NEW Zealand has always been challenged to move from commodity mass production to targeting higher value, whether it be in agriculture, tourism or our manufacturing businesses.

In this country's frantic race to deliver on a throw-away election comment of 1 billion trees, we seem to be chasing numbers and not quality.

Hundreds of thousands of hectares of productive farmland is being removed from livestock production by investors chasing a potential windfall from a speculated rising carbon price.

The barriers for foreigners to buy land have been removed, as long as they plant trees, any species of trees. We as taxpayers will even give them $1500 per hectare to plant these trees. Basically, there are no strings attached; they keep the carbon credits and who knows whether they will be available to balance this country's emissions. They are likely to find a higher price for them in another country.


Their motivation is to plant pine trees, which give the fastest accumulation of carbon credits.

Keith Woodford, an independent consultant, has highlighted some of the future consequences to New Zealand.

"It is important to understand that carbon credits can only be claimed for the first rotation of trees, typically 28 years for pine trees. Then the credits that have been claimed throughout the growth cycle are a liability attached to the land title.

This liability will prevent many of these trees being harvested, or the land being able to be used for any other production. They can sit back and take the stream of income from carbon credits over the next 28 years. And then write off the initial investment in the same way that a spent mine is written off."

Mike Cranstone
Mike Cranstone

We are gifting them our productive land for them to speculate on the international carbon market, and we are carrying the future liability.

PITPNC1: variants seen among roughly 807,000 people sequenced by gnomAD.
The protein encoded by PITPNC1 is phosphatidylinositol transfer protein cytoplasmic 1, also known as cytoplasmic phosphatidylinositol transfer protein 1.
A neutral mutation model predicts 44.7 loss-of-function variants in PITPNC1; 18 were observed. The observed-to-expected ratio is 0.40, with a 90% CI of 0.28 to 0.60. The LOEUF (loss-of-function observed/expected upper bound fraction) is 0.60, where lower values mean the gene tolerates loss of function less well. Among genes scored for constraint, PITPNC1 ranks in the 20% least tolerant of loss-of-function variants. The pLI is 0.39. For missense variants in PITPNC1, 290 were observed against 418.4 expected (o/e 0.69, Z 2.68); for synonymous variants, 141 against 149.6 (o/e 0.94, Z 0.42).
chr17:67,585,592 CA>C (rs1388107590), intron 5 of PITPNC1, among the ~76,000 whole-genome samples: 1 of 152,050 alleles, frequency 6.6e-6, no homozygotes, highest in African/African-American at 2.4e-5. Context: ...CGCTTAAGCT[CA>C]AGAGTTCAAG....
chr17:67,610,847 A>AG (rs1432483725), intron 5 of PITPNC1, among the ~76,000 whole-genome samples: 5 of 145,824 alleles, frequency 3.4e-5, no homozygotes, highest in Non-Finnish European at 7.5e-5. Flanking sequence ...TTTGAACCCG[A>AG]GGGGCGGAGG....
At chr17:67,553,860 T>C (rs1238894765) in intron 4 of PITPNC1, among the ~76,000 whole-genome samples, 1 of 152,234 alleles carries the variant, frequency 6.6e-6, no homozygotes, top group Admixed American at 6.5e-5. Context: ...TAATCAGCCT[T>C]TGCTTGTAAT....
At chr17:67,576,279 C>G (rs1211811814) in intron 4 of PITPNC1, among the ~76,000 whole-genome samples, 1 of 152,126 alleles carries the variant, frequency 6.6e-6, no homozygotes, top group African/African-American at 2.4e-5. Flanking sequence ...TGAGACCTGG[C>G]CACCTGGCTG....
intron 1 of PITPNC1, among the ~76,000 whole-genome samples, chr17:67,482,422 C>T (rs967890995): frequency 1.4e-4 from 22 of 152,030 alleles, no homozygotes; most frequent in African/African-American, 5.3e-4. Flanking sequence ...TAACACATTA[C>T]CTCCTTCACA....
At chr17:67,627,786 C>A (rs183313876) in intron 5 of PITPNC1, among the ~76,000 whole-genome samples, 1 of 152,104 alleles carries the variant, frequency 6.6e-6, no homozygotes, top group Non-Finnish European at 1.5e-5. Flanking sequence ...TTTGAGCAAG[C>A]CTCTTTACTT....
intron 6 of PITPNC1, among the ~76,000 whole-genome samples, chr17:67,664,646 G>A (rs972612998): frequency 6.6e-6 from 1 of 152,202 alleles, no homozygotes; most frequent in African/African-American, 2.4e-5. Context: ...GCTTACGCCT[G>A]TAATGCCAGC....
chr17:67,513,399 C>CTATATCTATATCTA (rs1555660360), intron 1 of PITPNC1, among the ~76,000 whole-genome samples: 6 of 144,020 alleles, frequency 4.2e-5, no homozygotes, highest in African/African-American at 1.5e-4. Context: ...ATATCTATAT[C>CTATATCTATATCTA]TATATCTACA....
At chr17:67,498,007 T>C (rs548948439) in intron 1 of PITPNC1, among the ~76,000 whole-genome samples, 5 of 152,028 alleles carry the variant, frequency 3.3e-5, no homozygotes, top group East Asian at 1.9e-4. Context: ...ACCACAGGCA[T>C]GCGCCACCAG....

When we allow our precious land resource to be taken over by pine trees, what does New Zealand have? When you walk through a pine plantation there are only dead pine needles on the ground and there is no native birdsong from tūī and other nectar-loving birds, or ferns for our native wētā and lizards.

The rural communities will be just as barren. As the productive farmland is lost, so are the families that provide the vibrancy and numbers to the schools, sports clubs, the business for the local store, for the plumbers and other tradespeople. The tourists who currently rave about the diverse landscape of green pastures, interspersed with sheep, native bush and friendly locals won't come either. A bland, dark green, monotonous forest, empty villages, and a yellow pollen that smothers everything, will not attract tourists out of our major centres.

This isn't the legacy I want to leave for future generations of our beautiful New Zealand. As we plant trees, we do have a great opportunity to create value now and for our kids. Isn't it the future that we are doing this for?


Firstly, let's be selective about what land we take out of livestock farming. We should be targeting our steep, marginal land, which would also achieve other environmental benefits of reducing erosion. Currently, some of our best gentle hill country is being snapped up by investors, this farmland being so important for our established meat and wool export earnings.

This isn't the legacy I want to leave for future generations of our beautiful New Zealand. As we plant trees, we do have a great opportunity to create value now and for our kids. Isn't it the future that we are doing this for?

By planting native forest species rather than pine trees, we would establish a habitat for our precious native flora and fauna. The forests would be regenerating. As trees reached maturity and fell over, a diverse undergrowth would fill the gap. The foreign investors would not be allowed to shut the gate and walk away but would be committed to further controlling pests and weeds so our native biodiversity can flourish. Since the productive land was retained in agriculture, the local communities would still flourish, the school children would share the native forest paths with tourists.

It might take longer for us to reach our carbon zero target, but look at the value we could create along the way for our future generations.

Currently the rapid removal of productive farmland into forestry is uncontrolled, wrecking our rural communities and doing nothing for our native biodiversity. How different it could be if we just paused, took a breath and created a vision for all that we want as New Zealanders.

•Mike Cranstone is Whanganui provincial president of Federated Farmers.